2. I squirkled with blue Sharpie.  In essence, I drew huge scribbly circles over and over covering most of the page, but leaving lots of white space. Really stay loose with this--no need to be neat or worry about good circles--you are scribbling!   Really!  This is a different drawing because I didn't have a camera handy for this step for this drawing, but this is how I start out.

3. I repeated this squirkling with purple, making sure that there was still lots of the paper showing through. I'm  keeping one area slightly off-center where I scribble lightest.  I want to end up with the most white here.
4. I repeated with red, but just in a few places, at random.  Still white paper showing through, especially in my whitest area.
5. I repeated with yellow in a few places.  This time, instead of placing randomly, I squirkle it underneath the whitest areas to increase the sense of a glow. I still some white paper showing through, but by now it's scattered about and there are only small spots of white.
6. I traced my hands with pencil.  The pencil isn't super easy to see, but is enough to guide me.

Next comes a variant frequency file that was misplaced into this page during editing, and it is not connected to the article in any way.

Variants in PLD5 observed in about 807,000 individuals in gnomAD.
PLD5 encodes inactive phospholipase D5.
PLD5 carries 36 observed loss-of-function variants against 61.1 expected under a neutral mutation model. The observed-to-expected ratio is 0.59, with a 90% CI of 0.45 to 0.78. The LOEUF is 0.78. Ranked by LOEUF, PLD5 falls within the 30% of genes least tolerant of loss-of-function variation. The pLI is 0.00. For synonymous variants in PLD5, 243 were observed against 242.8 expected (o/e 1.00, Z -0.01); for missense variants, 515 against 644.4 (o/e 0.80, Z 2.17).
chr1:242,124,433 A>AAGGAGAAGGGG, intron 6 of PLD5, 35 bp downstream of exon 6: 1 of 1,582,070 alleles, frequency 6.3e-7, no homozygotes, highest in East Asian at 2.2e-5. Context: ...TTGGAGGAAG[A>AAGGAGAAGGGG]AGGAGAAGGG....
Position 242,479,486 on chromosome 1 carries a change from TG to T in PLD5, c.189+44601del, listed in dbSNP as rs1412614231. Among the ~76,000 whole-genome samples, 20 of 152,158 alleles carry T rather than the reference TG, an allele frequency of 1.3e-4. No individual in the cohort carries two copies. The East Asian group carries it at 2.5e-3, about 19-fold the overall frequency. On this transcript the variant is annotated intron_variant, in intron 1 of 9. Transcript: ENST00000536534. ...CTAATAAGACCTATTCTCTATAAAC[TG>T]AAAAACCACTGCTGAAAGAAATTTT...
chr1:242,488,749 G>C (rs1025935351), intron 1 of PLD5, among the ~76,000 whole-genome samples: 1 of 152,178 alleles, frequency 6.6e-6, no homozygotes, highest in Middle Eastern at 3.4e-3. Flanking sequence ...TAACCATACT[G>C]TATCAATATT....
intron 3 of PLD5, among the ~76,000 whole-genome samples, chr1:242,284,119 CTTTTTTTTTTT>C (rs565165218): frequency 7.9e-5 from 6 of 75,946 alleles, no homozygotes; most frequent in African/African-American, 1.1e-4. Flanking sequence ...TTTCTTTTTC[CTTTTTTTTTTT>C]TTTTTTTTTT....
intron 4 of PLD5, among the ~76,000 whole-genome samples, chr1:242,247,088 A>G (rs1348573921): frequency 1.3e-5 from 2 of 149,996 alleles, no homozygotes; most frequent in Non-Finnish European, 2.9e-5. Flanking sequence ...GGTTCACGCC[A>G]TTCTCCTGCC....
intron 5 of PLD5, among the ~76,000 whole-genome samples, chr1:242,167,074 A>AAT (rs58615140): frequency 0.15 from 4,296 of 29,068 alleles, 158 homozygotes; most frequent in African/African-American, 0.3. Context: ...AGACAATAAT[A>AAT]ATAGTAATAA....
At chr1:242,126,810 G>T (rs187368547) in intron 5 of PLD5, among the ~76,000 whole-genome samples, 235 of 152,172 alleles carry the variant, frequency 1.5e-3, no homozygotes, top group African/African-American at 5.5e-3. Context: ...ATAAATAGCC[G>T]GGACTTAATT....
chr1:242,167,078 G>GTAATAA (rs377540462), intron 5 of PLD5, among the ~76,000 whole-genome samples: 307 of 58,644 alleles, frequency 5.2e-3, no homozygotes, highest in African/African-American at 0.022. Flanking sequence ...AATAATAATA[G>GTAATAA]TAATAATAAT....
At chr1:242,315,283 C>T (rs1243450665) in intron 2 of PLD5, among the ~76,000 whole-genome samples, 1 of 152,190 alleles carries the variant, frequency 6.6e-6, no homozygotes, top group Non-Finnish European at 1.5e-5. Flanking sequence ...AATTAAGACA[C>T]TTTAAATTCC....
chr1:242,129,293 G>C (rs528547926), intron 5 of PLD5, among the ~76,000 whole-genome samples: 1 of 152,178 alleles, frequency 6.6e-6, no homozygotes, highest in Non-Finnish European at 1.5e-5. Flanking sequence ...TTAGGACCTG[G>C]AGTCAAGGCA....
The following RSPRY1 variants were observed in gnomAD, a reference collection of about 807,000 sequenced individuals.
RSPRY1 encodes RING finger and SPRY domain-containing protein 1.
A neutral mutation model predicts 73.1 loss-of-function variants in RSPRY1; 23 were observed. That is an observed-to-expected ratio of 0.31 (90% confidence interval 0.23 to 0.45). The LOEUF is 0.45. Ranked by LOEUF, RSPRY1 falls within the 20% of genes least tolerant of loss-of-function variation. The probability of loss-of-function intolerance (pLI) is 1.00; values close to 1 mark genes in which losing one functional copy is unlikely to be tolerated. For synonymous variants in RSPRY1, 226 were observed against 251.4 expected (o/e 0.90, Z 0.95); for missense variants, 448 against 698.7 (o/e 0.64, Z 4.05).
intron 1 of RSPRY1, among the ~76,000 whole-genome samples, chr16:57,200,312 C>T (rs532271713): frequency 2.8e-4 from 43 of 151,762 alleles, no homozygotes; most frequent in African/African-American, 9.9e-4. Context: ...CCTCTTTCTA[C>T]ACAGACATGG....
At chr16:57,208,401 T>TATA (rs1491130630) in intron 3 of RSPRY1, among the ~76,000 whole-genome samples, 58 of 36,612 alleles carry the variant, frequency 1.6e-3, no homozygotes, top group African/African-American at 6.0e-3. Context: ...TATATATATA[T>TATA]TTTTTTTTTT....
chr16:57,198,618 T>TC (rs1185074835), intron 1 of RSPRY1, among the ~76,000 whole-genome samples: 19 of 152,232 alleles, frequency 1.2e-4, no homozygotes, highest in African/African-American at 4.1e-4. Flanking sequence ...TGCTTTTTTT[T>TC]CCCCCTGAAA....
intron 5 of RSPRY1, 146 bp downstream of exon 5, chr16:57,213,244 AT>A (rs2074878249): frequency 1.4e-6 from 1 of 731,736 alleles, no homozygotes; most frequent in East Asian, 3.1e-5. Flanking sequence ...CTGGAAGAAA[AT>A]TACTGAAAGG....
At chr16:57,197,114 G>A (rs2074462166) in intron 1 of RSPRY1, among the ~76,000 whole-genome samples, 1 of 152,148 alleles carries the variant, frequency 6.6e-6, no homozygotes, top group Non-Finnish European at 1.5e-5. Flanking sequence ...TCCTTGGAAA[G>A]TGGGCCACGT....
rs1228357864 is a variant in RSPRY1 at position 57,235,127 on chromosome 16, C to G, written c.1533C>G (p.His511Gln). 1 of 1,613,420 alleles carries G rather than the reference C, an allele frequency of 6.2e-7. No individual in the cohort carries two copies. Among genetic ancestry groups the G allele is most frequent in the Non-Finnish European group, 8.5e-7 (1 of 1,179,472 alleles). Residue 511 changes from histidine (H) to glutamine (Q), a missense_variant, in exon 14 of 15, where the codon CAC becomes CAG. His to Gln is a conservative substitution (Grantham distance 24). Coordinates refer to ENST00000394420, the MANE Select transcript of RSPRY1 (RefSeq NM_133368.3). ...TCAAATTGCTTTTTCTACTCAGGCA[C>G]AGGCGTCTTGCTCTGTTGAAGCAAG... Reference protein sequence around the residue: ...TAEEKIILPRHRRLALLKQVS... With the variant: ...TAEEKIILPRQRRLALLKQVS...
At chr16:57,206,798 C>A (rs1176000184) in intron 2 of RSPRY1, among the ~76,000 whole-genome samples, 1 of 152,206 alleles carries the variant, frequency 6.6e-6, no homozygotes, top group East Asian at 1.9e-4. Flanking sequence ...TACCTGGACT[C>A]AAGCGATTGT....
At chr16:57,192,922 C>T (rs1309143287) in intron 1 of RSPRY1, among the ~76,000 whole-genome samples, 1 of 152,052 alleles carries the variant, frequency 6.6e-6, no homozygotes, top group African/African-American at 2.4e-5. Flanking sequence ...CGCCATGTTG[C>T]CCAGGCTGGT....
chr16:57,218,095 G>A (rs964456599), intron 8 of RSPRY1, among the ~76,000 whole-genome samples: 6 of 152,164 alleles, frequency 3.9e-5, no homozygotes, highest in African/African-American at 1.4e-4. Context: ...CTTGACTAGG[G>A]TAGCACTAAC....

7. I painted around the drawn hands with the interference violet paint.
8. I let dry, and wrote the word stars with a white big brush pen, and shadowed it with the purple sharpie.

Why did I choose the products I did?
The Strathmore Aquarius II--that's the paper I used to make my journal.  It's part synthetic and part cotton so it doesn't curl too much when you use watercolor.  I knew my Sharpies wouldn't bleed through to the back with this paper.
What could you use instead? You could use almost any paper for this method--however, if you use Sharpies or other alcohol markers (Copics, Spectrum Noirs) they will probably bleed through and leave color on the back of the page.
Sharpies--they have a large tip so I could squirkle both pages of the spread in a only a few minutes.  They are alcohol markers that dry quickly and won't smear when painted over.
What could you use instead?  Any alcohol marker (Copics, Spectrum Noirs, etc) but if you don't want bleed through and don't have the right paper, you might prefer to use Faber-Castell Big Brush pens, which are India Ink and won't bleed through.
You could use other markers, but you should look for something that is water-proof.  If your marker is water-based (Distress Markers, Tombows) the ink will probably smear when you paint over it with the acrylic paint.
If you aren't sure what type of marker you have, google the brand name and look for words like dye-based, water-reactive or water-based, alcohol or solvent based, permanent, or india ink.  These are all terms you should become familiar with if you want to work with mixed media or art journaling.  Most of your sprays, inkpads, pens, and markers will be one or the other, and knowing what they are will help you know how to use the product.